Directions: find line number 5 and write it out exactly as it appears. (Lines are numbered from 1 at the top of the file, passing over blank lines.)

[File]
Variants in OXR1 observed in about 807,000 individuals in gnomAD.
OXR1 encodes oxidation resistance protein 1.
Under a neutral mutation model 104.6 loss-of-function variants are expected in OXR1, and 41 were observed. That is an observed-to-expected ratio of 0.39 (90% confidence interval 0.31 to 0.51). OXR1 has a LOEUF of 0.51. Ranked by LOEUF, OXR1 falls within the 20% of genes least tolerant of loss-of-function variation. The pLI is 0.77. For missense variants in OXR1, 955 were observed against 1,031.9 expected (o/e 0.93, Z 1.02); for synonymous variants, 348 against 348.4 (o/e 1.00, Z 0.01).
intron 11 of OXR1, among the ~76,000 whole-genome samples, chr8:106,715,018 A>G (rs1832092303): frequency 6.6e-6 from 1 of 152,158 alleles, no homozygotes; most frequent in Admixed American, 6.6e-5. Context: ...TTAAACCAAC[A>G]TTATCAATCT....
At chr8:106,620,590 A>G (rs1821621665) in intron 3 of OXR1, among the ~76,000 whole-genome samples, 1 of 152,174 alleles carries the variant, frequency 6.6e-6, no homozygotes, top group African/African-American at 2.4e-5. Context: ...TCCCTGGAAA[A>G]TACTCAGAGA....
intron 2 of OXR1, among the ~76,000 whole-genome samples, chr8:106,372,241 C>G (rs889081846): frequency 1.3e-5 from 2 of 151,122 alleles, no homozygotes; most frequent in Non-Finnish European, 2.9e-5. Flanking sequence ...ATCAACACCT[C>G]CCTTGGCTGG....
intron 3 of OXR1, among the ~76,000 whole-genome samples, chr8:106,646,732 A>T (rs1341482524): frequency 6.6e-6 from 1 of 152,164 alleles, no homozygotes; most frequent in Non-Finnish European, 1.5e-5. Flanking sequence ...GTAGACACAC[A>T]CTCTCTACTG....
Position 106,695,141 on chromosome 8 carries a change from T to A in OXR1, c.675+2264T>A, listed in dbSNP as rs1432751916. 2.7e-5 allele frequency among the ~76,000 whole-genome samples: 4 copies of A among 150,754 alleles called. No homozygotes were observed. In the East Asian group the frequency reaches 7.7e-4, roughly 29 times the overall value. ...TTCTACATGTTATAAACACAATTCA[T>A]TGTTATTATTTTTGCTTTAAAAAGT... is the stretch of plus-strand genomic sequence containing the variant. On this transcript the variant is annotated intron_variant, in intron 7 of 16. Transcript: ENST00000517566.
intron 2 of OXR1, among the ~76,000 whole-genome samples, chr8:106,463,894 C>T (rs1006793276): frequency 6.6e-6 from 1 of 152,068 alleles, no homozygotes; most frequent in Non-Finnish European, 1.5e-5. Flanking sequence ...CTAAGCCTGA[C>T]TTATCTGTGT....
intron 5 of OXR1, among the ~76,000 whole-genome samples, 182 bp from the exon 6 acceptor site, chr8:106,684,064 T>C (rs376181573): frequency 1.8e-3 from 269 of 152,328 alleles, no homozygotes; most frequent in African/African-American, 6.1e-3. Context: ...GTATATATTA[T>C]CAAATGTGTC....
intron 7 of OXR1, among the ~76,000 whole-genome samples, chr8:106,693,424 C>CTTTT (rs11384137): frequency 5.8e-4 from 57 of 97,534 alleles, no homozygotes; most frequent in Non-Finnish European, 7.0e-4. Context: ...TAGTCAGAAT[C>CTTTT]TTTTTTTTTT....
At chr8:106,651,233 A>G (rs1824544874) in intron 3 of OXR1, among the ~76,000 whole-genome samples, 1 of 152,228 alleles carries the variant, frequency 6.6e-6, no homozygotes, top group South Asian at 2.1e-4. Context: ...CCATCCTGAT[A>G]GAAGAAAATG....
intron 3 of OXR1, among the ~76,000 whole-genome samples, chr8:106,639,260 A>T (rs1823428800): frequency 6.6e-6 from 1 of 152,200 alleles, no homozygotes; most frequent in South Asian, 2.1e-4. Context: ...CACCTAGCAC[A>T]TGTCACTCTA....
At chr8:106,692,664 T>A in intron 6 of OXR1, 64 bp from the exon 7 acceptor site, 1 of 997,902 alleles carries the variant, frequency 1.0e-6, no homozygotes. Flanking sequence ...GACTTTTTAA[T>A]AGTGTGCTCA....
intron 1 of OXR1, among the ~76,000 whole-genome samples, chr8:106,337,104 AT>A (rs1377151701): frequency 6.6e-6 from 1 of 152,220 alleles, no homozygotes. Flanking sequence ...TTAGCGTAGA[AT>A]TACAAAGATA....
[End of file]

At chr8:106,620,590 A>G (rs1821621665) in intron 3 of OXR1, among the ~76,000 whole-genome samples, 1 of 152,174 alleles carries the variant, frequency 6.6e-6, no homozygotes, top group African/African-American at 2.4e-5. Context: ...TCCCTGGAAA[A>G]TACTCAGAGA....